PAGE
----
As a child what books did you enjoy reading? What genre of books do you enjoy reading now?

Up to the age of around 14 I read very boyish books: the Adventure series by Willard Price – very strong on environmental protection and beautifully written. I enjoyed the Silver Sword, and B Flight – both wartime dramas; occasionally a detective book like Hound of the Baskervilles. Probably my favourite books were the Jennings books by Anthony Buckeridge because they were so funny. I was never really captured by fantasy or sci-fi. Then in my teens it was mostly sport before moving on to grown-up novels. Nowadays, I don’t select books by genre. I like romances and rom-coms; some historical fiction and thrillers, and contemporary fiction generally. I’m a huge fan of magical realism and Spanish-language literature generally.

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If you were able to visit any place in the world to help give inspiration for a new novel, where would you choose?

Santiago de Chile: a fascinating place in a most beautiful country. I lived there for a few months in 1991 and I want to base my third novel, prequel to the second, in Chile. It would actually be set back in April 1991, when a Chilean football club won the South American trophy for the only time. The party that followed was quite something! But I’d want to go back for a visit to pick up on the lingo and history again.

As much as you like writing novels & business books, is there any genre you would like to dabble in that you haven’t yet tried?

Well, I’ve always done a lot of journalism, and an idea for a non-fiction book that I would like to consider – though the research budget might be beyond me – would be to explore some of the big stories that don’t get picked up by mainstream newspapers or websites. Some vested interest groups work hard to suppress media stories and we don’t really have a free press. I’ve come across this in my ghostwriting work and it’s quite a scandal.

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Hypothetically speaking, if Close of Play was made into a film, what actors would you pick to be the main characters of Brian (Colin), Elizabeth and the vicar, Godfrey?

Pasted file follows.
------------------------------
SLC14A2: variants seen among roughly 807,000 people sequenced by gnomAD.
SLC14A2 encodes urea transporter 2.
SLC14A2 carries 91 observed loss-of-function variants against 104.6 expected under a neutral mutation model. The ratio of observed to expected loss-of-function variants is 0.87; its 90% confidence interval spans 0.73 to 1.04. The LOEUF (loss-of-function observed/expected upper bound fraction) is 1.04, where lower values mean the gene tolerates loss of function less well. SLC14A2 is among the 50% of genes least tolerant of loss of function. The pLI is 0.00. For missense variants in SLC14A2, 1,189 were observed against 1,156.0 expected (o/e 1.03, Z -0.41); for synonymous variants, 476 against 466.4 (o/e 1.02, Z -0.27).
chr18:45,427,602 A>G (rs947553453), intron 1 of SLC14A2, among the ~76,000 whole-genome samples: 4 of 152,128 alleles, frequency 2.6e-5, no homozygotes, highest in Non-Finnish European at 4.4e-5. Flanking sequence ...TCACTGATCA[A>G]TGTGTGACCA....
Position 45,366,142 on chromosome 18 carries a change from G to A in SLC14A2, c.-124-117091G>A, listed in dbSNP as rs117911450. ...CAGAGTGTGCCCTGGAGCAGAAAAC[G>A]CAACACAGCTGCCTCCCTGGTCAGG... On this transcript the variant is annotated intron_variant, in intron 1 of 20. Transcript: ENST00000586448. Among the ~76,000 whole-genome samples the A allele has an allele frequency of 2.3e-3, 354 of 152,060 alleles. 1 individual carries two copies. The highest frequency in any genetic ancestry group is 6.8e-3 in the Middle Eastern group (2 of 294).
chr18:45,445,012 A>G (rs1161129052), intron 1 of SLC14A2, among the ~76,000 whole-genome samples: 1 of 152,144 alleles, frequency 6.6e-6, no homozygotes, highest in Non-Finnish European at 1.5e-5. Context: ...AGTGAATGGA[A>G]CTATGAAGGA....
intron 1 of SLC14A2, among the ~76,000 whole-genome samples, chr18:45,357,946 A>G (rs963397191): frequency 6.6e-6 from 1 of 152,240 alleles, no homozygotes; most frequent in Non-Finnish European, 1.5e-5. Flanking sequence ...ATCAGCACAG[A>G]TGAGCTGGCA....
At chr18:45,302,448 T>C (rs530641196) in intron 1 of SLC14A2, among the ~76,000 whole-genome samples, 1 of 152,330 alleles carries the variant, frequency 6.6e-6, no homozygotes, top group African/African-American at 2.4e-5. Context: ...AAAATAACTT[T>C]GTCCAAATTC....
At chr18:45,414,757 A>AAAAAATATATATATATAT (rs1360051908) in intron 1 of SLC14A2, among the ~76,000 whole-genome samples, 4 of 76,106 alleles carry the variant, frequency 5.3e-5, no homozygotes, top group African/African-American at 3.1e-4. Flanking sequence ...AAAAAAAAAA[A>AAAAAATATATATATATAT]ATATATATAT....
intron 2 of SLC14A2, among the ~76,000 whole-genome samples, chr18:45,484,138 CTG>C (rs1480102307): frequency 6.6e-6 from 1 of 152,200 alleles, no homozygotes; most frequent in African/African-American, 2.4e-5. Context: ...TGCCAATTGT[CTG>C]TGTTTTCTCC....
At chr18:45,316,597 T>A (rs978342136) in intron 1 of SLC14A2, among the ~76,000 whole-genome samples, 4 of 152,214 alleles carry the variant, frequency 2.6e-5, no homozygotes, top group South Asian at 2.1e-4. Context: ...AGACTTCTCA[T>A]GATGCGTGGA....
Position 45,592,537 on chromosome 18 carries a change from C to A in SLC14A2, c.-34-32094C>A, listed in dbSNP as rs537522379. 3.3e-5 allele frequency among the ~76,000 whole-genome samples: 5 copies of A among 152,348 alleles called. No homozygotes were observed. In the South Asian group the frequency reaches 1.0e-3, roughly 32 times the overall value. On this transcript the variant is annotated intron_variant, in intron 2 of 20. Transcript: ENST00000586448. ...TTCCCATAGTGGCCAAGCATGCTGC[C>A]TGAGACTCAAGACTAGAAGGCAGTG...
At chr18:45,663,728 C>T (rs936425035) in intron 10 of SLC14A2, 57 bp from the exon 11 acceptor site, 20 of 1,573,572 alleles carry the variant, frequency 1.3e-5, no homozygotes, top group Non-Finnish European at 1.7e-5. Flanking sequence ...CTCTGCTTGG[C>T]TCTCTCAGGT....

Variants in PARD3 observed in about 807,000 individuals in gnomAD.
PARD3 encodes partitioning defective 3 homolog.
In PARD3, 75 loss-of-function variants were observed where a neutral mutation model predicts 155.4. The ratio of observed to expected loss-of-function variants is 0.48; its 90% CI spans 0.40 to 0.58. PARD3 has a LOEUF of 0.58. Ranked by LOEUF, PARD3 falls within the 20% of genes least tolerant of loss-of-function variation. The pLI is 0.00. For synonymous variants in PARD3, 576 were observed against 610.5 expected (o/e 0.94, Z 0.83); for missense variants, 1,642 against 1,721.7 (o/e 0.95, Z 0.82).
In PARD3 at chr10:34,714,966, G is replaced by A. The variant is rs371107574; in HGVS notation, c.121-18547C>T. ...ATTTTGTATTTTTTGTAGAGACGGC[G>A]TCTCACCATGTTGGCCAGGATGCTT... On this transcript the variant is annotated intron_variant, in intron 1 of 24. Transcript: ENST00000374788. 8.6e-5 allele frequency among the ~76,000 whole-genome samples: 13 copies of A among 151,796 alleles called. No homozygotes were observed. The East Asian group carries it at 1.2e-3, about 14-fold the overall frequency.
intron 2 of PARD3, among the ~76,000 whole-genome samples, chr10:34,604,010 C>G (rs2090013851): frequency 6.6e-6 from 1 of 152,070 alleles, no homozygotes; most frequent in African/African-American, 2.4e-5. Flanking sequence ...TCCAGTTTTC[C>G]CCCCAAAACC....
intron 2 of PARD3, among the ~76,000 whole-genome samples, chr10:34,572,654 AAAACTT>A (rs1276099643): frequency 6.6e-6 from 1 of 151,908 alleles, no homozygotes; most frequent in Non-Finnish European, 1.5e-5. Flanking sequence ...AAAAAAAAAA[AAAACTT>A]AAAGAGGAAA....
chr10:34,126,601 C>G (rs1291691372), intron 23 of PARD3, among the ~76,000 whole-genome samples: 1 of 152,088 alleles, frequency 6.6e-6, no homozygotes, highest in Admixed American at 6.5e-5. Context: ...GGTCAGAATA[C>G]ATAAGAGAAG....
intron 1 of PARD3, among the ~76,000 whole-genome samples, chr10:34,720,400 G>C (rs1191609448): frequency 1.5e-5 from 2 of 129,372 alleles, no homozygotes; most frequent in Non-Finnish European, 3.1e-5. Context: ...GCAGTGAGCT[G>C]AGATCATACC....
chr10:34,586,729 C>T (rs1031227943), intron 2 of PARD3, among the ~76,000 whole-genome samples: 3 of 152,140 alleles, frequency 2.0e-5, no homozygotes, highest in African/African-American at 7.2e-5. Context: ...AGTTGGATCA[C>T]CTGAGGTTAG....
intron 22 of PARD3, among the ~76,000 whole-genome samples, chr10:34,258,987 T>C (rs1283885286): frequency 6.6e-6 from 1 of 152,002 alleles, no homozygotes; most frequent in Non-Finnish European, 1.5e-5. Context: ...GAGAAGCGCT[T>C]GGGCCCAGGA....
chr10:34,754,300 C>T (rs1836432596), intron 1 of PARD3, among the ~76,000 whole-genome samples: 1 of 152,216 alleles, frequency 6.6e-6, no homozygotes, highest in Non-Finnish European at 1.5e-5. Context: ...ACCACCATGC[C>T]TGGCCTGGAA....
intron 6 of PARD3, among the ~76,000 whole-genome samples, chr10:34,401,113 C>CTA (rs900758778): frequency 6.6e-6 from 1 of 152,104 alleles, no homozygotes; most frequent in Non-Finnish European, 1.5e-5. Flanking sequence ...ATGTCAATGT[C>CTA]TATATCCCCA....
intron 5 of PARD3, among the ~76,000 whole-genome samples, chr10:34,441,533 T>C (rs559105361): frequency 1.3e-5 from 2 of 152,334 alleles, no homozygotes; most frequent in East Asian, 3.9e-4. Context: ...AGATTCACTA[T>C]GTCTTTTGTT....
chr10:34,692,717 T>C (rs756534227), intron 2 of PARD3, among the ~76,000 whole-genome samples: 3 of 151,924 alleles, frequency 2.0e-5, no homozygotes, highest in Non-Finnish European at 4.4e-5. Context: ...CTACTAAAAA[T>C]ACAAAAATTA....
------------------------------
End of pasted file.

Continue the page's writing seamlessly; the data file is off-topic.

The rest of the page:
That’s easy: Bob Daws was always in mind to be Colin, and by a weird coincidence – or kismet – he’s now a friend of mine through the Ampthill Literary Festival, and is giving a read-through at my launch! I think Samantha Bond to play Elizabeth. Probably the best actor for Godfrey is Timothy Spall, but I guess he’s too big a star for a fairly minor role, so his understudy, perhaps! …

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Personal now – what outfits and shoes would you normally be found wearing?

I work from home, so often just tee-shirt and jeans, but I like to get suited up for a meeting in London. Single-breasted, Mod style preferably.

Do you have any favourite shops or online sites?

Bookshops, mostly! Waterstones.

What’s next on your clothes/shoe wish list?

New skinny jeans.

Boots or Shoes? 

I can honestly say this is the first time in 12 years as an author that I’ve been asked this question! Doesn’t come up in management mags. Shoes, I guess, but I am a massive fan of mid-60s music so I just may splash out one day on Cuban heels to look like Bob Dylan or Pete Townshend circa 1965 (the best year ever for popular music).

Links you would like to share e.g. website/facebook/twitter etc so that readers of the blog can learn more about you and your novels.

Twitter: @Felipewh
Facebook: https://www.facebook.com/philip.whiteley.96

Blog: https://felipewh.wordpress.com/

Added treat:  Here’s the YouTube video of TV actors Robert Daws and Amy Robbins ( a real-life married couple) reading from Chapter 11 of Close of Play, called ‘Clumsy Angel’.  The YouTube video is here: https://www.youtube.com/watch?v=kPlkephSMqM

Thank you very much for chatting about your book and life – I wish you great success with this and future novels.  Philip’s book is on promotion at the moment in WH Smith Travel until 3rd June 2015 – so don’t forget to grab a copy for some sweet summertime reading.  When you’ve read it, let me know what you thought of the book – did you enjoy it as much as I did?  I really hope so!